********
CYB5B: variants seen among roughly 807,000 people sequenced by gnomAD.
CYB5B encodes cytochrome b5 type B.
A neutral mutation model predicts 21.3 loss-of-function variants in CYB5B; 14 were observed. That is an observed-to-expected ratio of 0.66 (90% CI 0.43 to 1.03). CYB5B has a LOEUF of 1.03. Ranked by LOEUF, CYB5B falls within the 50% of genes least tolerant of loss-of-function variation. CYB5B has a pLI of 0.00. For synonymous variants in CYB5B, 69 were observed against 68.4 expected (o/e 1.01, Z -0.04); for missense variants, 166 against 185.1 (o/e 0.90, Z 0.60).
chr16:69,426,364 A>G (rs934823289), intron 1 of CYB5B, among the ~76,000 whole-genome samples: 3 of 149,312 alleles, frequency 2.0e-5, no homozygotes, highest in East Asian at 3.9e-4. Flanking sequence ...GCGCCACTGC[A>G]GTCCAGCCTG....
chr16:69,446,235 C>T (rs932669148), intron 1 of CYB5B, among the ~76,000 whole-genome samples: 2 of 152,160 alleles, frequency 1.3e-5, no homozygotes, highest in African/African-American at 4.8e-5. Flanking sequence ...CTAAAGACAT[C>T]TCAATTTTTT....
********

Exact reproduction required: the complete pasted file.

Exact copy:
CYB5B: variants seen among roughly 807,000 people sequenced by gnomAD.
CYB5B encodes cytochrome b5 type B.
A neutral mutation model predicts 21.3 loss-of-function variants in CYB5B; 14 were observed. That is an observed-to-expected ratio of 0.66 (90% CI 0.43 to 1.03). CYB5B has a LOEUF of 1.03. Ranked by LOEUF, CYB5B falls within the 50% of genes least tolerant of loss-of-function variation. CYB5B has a pLI of 0.00. For synonymous variants in CYB5B, 69 were observed against 68.4 expected (o/e 1.01, Z -0.04); for missense variants, 166 against 185.1 (o/e 0.90, Z 0.60).
chr16:69,426,364 A>G (rs934823289), intron 1 of CYB5B, among the ~76,000 whole-genome samples: 3 of 149,312 alleles, frequency 2.0e-5, no homozygotes, highest in East Asian at 3.9e-4. Flanking sequence ...GCGCCACTGC[A>G]GTCCAGCCTG....
chr16:69,446,235 C>T (rs932669148), intron 1 of CYB5B, among the ~76,000 whole-genome samples: 2 of 152,160 alleles, frequency 1.3e-5, no homozygotes, highest in African/African-American at 4.8e-5. Flanking sequence ...CTAAAGACAT[C>T]TCAATTTTTT....